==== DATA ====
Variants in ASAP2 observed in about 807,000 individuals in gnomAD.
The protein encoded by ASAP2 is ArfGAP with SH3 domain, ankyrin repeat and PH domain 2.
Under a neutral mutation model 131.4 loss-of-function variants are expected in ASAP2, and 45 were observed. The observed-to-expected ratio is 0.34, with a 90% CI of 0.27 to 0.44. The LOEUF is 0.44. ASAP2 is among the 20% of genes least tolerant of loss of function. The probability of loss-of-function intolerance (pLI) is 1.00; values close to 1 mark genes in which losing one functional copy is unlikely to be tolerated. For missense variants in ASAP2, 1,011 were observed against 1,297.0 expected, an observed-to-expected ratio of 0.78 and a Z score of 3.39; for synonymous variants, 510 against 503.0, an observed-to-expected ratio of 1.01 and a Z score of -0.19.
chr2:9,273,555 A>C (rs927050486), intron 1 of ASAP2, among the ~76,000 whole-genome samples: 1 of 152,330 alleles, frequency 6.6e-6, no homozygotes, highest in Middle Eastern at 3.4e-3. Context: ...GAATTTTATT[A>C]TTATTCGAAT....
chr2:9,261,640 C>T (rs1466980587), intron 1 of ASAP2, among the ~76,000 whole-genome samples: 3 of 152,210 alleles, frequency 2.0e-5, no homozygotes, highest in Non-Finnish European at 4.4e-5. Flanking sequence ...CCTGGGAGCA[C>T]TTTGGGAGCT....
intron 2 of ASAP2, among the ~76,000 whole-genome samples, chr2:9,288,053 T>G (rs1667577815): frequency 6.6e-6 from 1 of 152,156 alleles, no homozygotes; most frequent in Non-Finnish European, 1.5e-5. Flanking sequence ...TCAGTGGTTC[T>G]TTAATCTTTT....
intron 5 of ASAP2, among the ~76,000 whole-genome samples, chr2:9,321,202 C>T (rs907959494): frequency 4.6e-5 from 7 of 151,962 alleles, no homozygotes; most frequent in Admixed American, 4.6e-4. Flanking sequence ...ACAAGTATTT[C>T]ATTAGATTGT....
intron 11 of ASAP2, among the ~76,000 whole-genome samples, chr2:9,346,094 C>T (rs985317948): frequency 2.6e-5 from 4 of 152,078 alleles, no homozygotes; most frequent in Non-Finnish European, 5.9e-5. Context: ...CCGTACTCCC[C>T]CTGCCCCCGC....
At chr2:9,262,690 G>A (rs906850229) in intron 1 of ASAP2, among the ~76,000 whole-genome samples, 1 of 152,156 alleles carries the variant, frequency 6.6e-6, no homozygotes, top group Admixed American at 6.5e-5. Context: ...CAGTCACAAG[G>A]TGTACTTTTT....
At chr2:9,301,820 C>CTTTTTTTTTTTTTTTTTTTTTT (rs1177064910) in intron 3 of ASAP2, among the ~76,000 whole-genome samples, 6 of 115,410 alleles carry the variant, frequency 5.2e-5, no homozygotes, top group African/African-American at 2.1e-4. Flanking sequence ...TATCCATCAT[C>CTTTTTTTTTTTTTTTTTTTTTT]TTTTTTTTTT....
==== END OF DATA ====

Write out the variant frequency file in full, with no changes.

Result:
Variants in ASAP2 observed in about 807,000 individuals in gnomAD.
The protein encoded by ASAP2 is ArfGAP with SH3 domain, ankyrin repeat and PH domain 2.
Under a neutral mutation model 131.4 loss-of-function variants are expected in ASAP2, and 45 were observed. The observed-to-expected ratio is 0.34, with a 90% CI of 0.27 to 0.44. The LOEUF is 0.44. ASAP2 is among the 20% of genes least tolerant of loss of function. The probability of loss-of-function intolerance (pLI) is 1.00; values close to 1 mark genes in which losing one functional copy is unlikely to be tolerated. For missense variants in ASAP2, 1,011 were observed against 1,297.0 expected, an observed-to-expected ratio of 0.78 and a Z score of 3.39; for synonymous variants, 510 against 503.0, an observed-to-expected ratio of 1.01 and a Z score of -0.19.
chr2:9,273,555 A>C (rs927050486), intron 1 of ASAP2, among the ~76,000 whole-genome samples: 1 of 152,330 alleles, frequency 6.6e-6, no homozygotes, highest in Middle Eastern at 3.4e-3. Context: ...GAATTTTATT[A>C]TTATTCGAAT....
chr2:9,261,640 C>T (rs1466980587), intron 1 of ASAP2, among the ~76,000 whole-genome samples: 3 of 152,210 alleles, frequency 2.0e-5, no homozygotes, highest in Non-Finnish European at 4.4e-5. Flanking sequence ...CCTGGGAGCA[C>T]TTTGGGAGCT....
intron 2 of ASAP2, among the ~76,000 whole-genome samples, chr2:9,288,053 T>G (rs1667577815): frequency 6.6e-6 from 1 of 152,156 alleles, no homozygotes; most frequent in Non-Finnish European, 1.5e-5. Flanking sequence ...TCAGTGGTTC[T>G]TTAATCTTTT....
intron 5 of ASAP2, among the ~76,000 whole-genome samples, chr2:9,321,202 C>T (rs907959494): frequency 4.6e-5 from 7 of 151,962 alleles, no homozygotes; most frequent in Admixed American, 4.6e-4. Flanking sequence ...ACAAGTATTT[C>T]ATTAGATTGT....
intron 11 of ASAP2, among the ~76,000 whole-genome samples, chr2:9,346,094 C>T (rs985317948): frequency 2.6e-5 from 4 of 152,078 alleles, no homozygotes; most frequent in Non-Finnish European, 5.9e-5. Context: ...CCGTACTCCC[C>T]CTGCCCCCGC....
At chr2:9,262,690 G>A (rs906850229) in intron 1 of ASAP2, among the ~76,000 whole-genome samples, 1 of 152,156 alleles carries the variant, frequency 6.6e-6, no homozygotes, top group Admixed American at 6.5e-5. Context: ...CAGTCACAAG[G>A]TGTACTTTTT....
At chr2:9,301,820 C>CTTTTTTTTTTTTTTTTTTTTTT (rs1177064910) in intron 3 of ASAP2, among the ~76,000 whole-genome samples, 6 of 115,410 alleles carry the variant, frequency 5.2e-5, no homozygotes, top group African/African-American at 2.1e-4. Flanking sequence ...TATCCATCAT[C>CTTTTTTTTTTTTTTTTTTTTTT]TTTTTTTTTT....